And it is. We go back to the Arabian place and wait just two minutes at the door, the patio still jammed, until the man with the list and the cigarette calls our name. He doesn’t show us in, he just directs us inside and up the stairs. Take the table with silverware on it, he says, and checks his list to call out the next name. After we sit, Alfonso orders without consulting the menu, and this is something I like, too. He rattles off a list of dishes, and asks for a bottle of wine. Hot, thin bread arrives in a napkin-covered basket, and sparkling water, and then the plates come, one after the other, now stuffed grape leaves, now falafel, now a type of meat pie and a type of cheese casserole and a tart, lemony salad. The wine is cold and tastes like flowers and oranges both. We eat and eat, using our fingers and not our forks, and after a while baklava arrives for dessert, and possibly the best coffee I’ve ever had, sweet without being sugary, grainy and rich without being cloying. Every bite requires you to close your eyes, because with them open, your senses are overwhelmed. I am stuffed, I am sleepy; I’m in heaven.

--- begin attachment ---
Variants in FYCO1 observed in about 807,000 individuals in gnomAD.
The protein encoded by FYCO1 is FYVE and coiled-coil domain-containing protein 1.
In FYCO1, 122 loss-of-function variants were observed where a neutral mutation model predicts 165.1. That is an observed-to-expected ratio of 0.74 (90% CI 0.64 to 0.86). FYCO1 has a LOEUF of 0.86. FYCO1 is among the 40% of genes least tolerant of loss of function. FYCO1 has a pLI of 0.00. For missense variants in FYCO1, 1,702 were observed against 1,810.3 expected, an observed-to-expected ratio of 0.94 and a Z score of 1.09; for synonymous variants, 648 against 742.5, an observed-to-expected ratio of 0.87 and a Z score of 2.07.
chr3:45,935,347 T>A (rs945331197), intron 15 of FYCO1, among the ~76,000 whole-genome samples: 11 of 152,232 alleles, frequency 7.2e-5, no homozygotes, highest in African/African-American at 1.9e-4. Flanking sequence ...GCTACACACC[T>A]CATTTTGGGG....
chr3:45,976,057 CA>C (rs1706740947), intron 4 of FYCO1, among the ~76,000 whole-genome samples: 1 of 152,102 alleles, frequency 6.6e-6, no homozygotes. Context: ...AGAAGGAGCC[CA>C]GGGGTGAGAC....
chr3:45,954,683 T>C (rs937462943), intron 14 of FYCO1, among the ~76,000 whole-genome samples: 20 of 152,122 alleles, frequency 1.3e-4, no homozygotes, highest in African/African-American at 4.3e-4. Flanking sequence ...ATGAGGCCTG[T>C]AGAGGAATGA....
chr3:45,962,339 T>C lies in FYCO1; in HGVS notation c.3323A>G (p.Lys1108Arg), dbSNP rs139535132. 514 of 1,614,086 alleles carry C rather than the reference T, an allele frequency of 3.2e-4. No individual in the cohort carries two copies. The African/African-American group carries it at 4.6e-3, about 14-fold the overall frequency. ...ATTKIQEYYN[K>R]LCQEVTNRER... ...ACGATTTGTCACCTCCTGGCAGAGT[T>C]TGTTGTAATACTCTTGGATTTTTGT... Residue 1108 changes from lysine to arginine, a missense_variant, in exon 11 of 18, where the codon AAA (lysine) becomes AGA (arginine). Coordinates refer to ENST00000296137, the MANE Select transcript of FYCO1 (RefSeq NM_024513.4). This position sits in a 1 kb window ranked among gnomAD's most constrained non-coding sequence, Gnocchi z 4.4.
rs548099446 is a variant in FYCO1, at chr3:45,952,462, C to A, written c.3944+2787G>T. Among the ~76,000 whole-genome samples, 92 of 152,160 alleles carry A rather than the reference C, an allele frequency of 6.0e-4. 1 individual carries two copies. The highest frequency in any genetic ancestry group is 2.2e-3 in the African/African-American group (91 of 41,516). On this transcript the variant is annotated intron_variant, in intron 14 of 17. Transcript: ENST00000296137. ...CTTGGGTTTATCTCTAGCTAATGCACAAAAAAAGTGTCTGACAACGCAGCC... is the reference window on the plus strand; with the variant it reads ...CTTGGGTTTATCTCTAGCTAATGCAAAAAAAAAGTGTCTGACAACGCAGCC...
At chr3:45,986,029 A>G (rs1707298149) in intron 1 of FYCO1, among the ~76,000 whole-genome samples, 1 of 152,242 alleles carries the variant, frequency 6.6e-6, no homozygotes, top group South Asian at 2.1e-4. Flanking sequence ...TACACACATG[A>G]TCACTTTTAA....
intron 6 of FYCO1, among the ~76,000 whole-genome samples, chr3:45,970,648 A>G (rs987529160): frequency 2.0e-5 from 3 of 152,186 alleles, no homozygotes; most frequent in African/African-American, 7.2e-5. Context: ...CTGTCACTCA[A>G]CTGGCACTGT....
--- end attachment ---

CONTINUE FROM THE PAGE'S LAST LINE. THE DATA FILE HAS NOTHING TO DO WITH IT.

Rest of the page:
Just before we leave, I check my watch. It’s 3 AM. The restaurant remains full; the waiters hurry around. I catch Alfonso looking at me; he shakes his head. I pull my shirtsleeve down over my wrist to cover my watch.